Minister of Health, Nickolas Steele who has emerged in recent months as the chief spokesperson for the ruling New National Party (NNP) government has commented on the decision by the major shareholders of Grenlec to approach a United Nations body for arbitration in a matter involving the State.
Speaking at last week’s Tuesday’s post-Cabinet press briefing, the senior government minister said that what the electricity generating company has simple done is to trigger the mechanism that relates to a particular issue in the Share Purchase Agreement when the company was privatized in 1994.
“….They have exercised the buyback clause which exists in the Share Purchase Agreement. There is a mechanism that that initiates – one has to prove that such an incident occurred, and two, if such an incident occurred, then there is discussions on the value of that buy back and if any of those two are not agreed on, then it is referred to arbitration…so that is where we are right now with communication”, he told reporters.
According to Minister Steele, the position of the NNP regime since returning to power in 2013 is not to get rid of the U.S-owned company, WRB Enterprises and its subsidiary, Grenada Power Providers (GPP), which are the major shareholders of Grenlec.
He said the intention of the administration is to end the monopoly that exist in the electricity generating industry so that the people of Grenada can benefit from lower electricity costs.
“We believe, and we still believe that with the change of legislation, there is still more than enough ability for the current owner of Grenlec to perform and to perform with reasonable profit, and to exist as quite possibly the sole or major provider of electricity in Grenada.
“… With the mechanisms that are now put in place based on the legislation to ensure that in terms of the Public Utility Regulatory Commission, in terms of the legislation that would allow other investors of other entities to come in and bid for the provision or the level of providing electricity to Grenada.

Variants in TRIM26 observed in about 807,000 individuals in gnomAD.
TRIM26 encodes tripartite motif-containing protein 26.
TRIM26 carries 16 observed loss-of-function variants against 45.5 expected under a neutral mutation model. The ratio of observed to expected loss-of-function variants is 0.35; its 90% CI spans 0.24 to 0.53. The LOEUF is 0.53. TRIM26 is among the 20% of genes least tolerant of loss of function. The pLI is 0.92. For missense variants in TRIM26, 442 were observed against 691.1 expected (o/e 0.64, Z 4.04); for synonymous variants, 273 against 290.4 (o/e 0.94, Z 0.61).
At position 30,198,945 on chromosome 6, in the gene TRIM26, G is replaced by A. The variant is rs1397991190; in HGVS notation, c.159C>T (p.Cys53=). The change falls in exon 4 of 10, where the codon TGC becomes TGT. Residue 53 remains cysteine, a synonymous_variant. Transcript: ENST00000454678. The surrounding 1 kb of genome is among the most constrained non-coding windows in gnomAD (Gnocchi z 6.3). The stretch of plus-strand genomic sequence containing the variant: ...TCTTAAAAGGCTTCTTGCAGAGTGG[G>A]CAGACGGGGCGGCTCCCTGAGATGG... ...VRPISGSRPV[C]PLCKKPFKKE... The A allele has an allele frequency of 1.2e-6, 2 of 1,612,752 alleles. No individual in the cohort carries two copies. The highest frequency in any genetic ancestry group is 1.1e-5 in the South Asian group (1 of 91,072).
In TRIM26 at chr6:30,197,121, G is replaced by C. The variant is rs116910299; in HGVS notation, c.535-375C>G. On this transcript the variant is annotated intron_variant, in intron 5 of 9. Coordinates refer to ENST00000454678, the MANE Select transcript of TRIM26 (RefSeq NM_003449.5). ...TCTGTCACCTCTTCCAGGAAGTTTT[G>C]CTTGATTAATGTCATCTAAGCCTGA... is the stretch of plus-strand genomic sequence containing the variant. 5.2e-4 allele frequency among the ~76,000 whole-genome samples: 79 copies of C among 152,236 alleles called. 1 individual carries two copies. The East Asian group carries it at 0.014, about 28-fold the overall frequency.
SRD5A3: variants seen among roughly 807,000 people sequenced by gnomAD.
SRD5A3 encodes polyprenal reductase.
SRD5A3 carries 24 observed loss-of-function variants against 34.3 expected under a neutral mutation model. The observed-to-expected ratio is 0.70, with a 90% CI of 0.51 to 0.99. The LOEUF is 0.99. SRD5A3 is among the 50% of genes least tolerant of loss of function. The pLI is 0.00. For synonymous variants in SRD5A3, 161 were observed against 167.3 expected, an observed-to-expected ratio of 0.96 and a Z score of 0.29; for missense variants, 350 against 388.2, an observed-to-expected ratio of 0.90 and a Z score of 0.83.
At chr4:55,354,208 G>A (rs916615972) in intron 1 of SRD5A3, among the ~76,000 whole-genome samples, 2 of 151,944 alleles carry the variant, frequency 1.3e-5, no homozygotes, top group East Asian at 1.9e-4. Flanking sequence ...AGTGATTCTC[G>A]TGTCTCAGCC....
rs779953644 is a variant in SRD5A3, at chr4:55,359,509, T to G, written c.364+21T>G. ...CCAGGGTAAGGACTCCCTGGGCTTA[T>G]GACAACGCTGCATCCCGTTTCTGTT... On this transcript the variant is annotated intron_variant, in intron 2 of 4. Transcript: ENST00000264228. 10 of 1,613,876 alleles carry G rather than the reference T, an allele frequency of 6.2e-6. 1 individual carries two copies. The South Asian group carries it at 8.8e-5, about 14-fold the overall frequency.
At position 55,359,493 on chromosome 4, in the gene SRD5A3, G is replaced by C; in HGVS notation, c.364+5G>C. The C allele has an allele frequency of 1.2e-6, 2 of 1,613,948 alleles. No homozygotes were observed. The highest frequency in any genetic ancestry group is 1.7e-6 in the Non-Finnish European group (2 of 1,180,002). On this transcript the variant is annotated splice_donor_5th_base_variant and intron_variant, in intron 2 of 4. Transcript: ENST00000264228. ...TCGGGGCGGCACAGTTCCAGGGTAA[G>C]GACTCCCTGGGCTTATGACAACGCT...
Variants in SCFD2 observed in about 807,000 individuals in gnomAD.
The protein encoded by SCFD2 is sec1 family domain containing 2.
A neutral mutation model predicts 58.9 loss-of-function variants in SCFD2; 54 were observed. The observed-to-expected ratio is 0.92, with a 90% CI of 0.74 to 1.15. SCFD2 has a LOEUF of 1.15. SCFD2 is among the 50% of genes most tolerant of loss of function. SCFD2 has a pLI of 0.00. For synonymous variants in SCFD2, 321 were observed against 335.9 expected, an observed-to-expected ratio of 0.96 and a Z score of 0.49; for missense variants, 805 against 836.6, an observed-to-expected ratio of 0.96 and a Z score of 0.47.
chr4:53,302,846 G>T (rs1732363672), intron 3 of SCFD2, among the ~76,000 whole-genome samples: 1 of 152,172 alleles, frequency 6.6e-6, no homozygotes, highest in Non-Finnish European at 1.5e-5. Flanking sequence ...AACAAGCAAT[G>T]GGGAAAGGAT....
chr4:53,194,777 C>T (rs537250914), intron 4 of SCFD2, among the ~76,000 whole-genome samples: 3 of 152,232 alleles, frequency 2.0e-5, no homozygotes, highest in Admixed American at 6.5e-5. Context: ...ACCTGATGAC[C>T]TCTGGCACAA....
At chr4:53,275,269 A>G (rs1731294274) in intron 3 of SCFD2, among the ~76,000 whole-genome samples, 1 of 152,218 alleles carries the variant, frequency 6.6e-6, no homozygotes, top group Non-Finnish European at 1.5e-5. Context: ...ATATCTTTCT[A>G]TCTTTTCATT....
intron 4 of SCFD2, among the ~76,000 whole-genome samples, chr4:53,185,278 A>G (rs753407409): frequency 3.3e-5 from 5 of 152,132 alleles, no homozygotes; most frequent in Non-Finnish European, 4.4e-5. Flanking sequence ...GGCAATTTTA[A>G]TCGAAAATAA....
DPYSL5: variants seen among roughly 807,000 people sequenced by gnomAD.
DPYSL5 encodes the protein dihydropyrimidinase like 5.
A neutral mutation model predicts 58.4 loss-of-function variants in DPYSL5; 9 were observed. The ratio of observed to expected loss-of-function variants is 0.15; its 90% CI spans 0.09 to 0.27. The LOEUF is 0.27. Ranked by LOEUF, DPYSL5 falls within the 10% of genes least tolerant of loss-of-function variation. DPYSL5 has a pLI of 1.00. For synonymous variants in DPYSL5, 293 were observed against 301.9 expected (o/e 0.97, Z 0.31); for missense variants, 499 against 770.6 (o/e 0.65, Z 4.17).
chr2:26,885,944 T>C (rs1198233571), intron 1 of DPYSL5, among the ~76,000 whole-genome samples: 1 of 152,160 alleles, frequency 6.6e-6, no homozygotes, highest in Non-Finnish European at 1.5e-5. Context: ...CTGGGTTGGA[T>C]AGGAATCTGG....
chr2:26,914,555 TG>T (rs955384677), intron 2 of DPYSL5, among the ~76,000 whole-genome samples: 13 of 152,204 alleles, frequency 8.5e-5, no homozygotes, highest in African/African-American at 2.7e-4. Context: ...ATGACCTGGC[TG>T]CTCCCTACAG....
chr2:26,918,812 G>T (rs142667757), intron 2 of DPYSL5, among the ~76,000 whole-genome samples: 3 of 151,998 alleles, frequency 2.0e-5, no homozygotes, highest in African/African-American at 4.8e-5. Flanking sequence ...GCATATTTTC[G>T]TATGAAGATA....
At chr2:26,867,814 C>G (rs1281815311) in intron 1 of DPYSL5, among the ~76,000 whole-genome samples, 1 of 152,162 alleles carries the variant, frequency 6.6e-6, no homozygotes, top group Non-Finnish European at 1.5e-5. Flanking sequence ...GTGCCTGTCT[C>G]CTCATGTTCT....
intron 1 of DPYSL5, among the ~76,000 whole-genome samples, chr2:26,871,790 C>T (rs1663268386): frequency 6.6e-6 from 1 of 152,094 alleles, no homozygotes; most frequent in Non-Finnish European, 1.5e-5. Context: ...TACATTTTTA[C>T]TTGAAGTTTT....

“However, it can be assumed that because Grenlec has been here, Grenlec has so much infrastructure, Grenlec should be able to out bid anybody because they have existed here for so long , supposedly providing electricity at the best possible price for the people of Grenada.
The relationship between government and Grenlec took an all-time low after the Mitchell-led government took legislation to Parliament to pave the way for other providers to enter the market.
Grenlec has accused the government of not engaging in serious discussions on the issue.
On March 22, GPP issued an advisory for the Government of Grenada to repurchase its shares in Grenlec.
The SPA requires government to repurchase shares that government sold to GPP in 1994 if government elects to take certain unilateral actions.
The NNP government is now obligated pursuant to the SPA to repurchase the Grenlec shares held by GPP at a price calculated using the contractually mandated formula specified in schedule II of the Electricity Supply Act of 1994.
According to Grenlec, the total amount, calculated according to contractually mandated formula is EC $176.65 million and under the terms of the SPA, the government had 30 days from March 22nd within which to make the required share purchase payment to GPP.
With no purchase being made, GPP announced that it has filed for arbitration with the World Bank’s International Centre for Settlement of Investment Disputes (ICSID).
The Grenlec release said in part: “Given that Government has not made the mandated repurchase payment, GPP and WRB have no alternative means for protecting their contract rights other than by pursuing the ICSID arbitration as dictated by the SPA.
“Despite these circumstances, GPP and WRB are open to comprehensive and collaborative negotiations with the Government to best serve Grenlec’s customers, shareholders and the people of Grenada”, it added.
Prime Minister Mitchell has stated publicly that government prefers to sit down with Grenlec and resolve the issue and not go the way of arbitration since it can hurt the country’s image.